Long life

Jeremy Corbyn’s debt to Silvio Berlusconi

Tony Blair’s cavorting with a right-wing billionaire mired in scandal epitomises what the Labour party is now trying to leave behind

15 August 2015

9:00 AM

15 August 2015

9:00 AM

I’m going off Jeremy Corbyn. He seems more and more pleased with himself by the minute. But I understand why he is so popular with Labour supporters. It isn’t just his perceived authenticity in a field of machine politicians — the same attribute that has thrust Donald Trump to the fore in the race for the Republican nomination in the United States. It is something of which I have been reminded this week by the news that Silvio Berlusconi is planning to sell his preposterous Sardinian villa to a Saudi prince, and this is the shame felt by so many party members over their long servility to Tony Blair. For perhaps nothing better exemplifies Blair’s indifference to Labour sensibilities than his visit with Cherie to the Villa Certosa in 2004.

Despite the monastic implications of its name, the Villa Certosa is — to quote a headline from the Times — ‘the ultimate in property porn’. It is a sprawling estate on Sardinia’s Emerald Coast, with 168 acres of garden, six swimming pools, an amphitheatre, an artificial volcano, and direct access by tunnel to the sea. But despite the kind of security that would appeal to the Saudi royal family, this didn’t prevent one enterprising paparazzo from taking photos of a large number of scantily clad girls at one of Berlusconi’s ‘bunga bunga’ entertainments. The pictures included a remarkable one of a former Czech prime minister, Mirek Topolánek, completely naked and in a state of sexual arousal.

Berlusconi, Italy’s longest-serving prime minister since Mussolini, was choosy about who he invited to the Villa Certosa (unless, that is, they were teenage models). Among foreign leaders, he would invite only those he regarded as his personal ‘friends’, such as George W. Bush and Vladimir Putin. But not even these giants on the world stage were fêted quite as lavishly as his really close ‘friend’, Tony Blair. The war in Iraq was at its height. Thousands were dying there. But this didn’t inhibit the gaiety of the celebrations during the Blairs’ 24-hour visit.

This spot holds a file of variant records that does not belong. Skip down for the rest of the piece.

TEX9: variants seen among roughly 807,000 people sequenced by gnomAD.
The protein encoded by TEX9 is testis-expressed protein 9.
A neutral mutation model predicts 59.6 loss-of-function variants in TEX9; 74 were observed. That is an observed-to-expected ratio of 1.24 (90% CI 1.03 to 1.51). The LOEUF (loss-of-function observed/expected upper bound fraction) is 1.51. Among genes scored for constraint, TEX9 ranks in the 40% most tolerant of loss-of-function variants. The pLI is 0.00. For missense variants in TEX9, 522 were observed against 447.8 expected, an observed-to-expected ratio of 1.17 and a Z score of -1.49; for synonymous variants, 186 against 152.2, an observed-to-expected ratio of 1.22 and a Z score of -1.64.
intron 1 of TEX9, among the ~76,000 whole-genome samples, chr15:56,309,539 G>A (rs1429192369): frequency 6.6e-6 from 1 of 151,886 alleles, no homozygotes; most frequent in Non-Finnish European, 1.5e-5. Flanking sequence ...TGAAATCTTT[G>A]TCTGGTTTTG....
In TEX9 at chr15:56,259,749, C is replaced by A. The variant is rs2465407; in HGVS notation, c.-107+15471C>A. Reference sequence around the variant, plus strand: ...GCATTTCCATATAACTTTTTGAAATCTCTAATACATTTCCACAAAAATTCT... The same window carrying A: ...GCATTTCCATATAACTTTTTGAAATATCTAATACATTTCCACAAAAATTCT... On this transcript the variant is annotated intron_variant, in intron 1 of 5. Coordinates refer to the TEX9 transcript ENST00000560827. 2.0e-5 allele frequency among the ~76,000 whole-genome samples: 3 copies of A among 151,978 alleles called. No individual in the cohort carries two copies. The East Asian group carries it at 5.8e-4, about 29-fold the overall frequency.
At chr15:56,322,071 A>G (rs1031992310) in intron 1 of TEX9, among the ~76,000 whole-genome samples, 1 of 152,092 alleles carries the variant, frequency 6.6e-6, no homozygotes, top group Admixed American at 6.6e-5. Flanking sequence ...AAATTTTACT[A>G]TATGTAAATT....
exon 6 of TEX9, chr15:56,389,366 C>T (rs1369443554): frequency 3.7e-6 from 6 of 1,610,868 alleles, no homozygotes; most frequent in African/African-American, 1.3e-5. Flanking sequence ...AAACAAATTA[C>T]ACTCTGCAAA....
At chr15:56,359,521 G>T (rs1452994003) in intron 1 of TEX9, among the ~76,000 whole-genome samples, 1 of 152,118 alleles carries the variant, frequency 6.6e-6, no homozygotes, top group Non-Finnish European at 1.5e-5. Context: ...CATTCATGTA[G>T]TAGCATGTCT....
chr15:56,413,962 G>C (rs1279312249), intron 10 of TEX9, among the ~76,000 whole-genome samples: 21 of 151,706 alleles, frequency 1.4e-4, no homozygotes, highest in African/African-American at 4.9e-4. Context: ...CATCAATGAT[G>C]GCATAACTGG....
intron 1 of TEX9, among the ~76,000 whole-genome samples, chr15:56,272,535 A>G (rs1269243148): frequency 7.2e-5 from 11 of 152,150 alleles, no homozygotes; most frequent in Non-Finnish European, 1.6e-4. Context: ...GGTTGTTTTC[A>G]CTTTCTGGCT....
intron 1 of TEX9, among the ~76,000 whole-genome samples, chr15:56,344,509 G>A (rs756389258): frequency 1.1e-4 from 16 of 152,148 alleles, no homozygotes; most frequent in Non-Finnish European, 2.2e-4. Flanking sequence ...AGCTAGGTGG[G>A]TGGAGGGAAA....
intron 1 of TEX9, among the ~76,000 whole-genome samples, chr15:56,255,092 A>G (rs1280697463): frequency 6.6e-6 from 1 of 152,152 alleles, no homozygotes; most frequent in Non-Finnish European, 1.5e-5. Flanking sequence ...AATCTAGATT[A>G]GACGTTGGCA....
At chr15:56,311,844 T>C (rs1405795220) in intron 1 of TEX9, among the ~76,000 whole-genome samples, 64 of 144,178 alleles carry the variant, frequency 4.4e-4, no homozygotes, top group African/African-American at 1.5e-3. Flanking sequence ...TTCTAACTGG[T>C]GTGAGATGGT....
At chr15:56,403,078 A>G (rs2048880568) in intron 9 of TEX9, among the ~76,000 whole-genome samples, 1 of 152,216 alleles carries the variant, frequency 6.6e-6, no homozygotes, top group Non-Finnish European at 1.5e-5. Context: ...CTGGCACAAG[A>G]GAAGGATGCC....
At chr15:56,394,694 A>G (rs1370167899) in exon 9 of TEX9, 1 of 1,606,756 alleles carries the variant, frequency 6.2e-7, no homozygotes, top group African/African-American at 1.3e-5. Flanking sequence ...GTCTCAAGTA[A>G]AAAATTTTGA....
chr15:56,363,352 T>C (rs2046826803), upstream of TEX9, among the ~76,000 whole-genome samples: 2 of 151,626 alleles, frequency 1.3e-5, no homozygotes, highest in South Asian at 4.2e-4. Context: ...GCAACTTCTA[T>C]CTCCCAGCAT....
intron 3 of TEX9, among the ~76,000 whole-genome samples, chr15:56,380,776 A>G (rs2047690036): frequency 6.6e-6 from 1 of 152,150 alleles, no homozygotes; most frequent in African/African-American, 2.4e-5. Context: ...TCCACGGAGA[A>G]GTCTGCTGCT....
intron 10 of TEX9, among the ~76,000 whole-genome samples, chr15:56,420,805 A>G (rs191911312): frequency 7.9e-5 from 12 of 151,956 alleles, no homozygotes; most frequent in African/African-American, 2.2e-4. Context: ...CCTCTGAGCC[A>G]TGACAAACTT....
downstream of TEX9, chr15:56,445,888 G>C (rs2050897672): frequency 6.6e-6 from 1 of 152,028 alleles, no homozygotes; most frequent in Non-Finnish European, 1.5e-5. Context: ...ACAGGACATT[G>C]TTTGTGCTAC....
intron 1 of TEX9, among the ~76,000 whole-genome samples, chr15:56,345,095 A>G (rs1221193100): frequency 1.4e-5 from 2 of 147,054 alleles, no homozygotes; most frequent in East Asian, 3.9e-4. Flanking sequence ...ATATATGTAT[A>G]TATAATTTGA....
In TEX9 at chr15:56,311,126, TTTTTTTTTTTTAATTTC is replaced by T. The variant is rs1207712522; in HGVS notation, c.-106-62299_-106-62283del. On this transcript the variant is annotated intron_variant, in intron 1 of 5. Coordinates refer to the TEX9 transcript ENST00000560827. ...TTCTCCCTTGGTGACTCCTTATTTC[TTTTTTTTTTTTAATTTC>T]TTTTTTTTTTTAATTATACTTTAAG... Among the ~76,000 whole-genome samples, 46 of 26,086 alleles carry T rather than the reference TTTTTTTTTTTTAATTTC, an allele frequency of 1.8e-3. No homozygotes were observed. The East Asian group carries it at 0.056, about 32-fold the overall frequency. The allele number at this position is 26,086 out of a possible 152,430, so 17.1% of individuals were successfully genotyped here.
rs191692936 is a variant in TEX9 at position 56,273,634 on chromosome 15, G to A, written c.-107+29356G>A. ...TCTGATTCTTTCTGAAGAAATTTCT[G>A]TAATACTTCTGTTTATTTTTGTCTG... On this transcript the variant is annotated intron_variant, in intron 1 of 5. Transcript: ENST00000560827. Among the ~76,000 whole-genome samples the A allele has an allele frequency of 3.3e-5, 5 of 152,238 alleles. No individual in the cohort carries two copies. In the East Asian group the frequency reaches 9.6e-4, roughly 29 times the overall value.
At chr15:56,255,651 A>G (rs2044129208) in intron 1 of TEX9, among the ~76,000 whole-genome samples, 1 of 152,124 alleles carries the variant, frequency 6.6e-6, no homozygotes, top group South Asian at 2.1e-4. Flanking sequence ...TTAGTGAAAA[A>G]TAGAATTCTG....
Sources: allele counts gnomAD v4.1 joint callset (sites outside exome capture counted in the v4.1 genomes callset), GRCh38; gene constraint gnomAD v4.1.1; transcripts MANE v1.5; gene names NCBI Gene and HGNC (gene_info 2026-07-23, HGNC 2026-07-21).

Four years later Cherie Blair still recalled it with rapture. ‘I have never had an evening like the one I had in Sardinia,’ she said in an interview with an Italian magazine. ‘Fireworks lit up the words “Viva Tony”, and we all sang “Summertime” together.’ Many in the Labour party had recoiled in horror at the sight of their leader cavorting shamelessly in public with a right-wing billionaire mired in financial and sexual scandal. Could it have been some diplomatic imperative that had driven him to accept this unwelcome invitation? Alas, no. In the same interview Cherie spoke with pride about the ‘friendship and trust’ that existed between Berlusconi and her husband.

The two prime ministers had, of course, one or two things in common. They were united in subservience to President Bush and alone among the leaders of major European countries (apart from the little Spanish prime minister José María Aznar, who left office soon after it started) in their unswerving support for the 2003 invasion of Iraq. This colossal misjudgment, deeply unpopular in the Labour party at the time, has haunted Tony Blair ever since and has now been cited by Jeremy Corbyn as a possible pretext for trying him as a war criminal. Yet I feel that Blair’s taste for the high life, his habit of spongeing off the rich, and his addiction to glamorous foreign holidays sticks just as much in the craw of traditional Labour voters.

Until 2001, when foot-and-mouth disease struck Britain, the Blairs used to stay regularly each summer in Tuscany with Prince Girolamo Guicciardini Strozzi, an aristocrat of the grandest and most ancient lineage. That he didn’t go back subsequently seems to have been thanks less to his own political sensitivity than to that of the Italian nobleman, who said in a newspaper interview at the time that ‘it would seem strange, as foot-and-mouth disease lays waste to the British tourism industry, for the prime minister to be seen going off with his family to Tuscany again. I wouldn’t do it. That’s for sure.’

Since leaving office, Blair has been free to enrich and indulge himself as much as he wants, thus drifting ever further away from the party he once led. He may have given Labour 13 years in power, but at such discomfort to the party that many of its members would do anything to feel good about themselves again, even if it means languishing in opposition for a while yet. I don’t know where the Blairs are vacationing this summer, but Jeremy Corbyn isn’t having a holiday at all.

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  • Gergiev

    It is well to be reminded of the puritan tradition in Britain to which Jeremy is heir.

  • blandings

    “The pictures included a remarkable one of a former Czech prime minister,
    Mirek Topolánek, completely naked and in a state of sexual arousal.”

    Hey dude, you could’ve left that bit out.

    • John Hawkins Totnes

      Leave it out? Certainly not. He should have shown us the actual picture!

      • blandings

        Beware what you wish for

  • jim

    Of course it’s a disgrace..on the other hand,if there is one guy’s party you would like to attend it would be Silvio’s.

    • Tamerlane

      I would definitely go to Silvio’s party.

      • MacGuffin

        Yep, lots of fat late middle-aged men groping young prostitutes. Whats not to like?

  • thomasaikenhead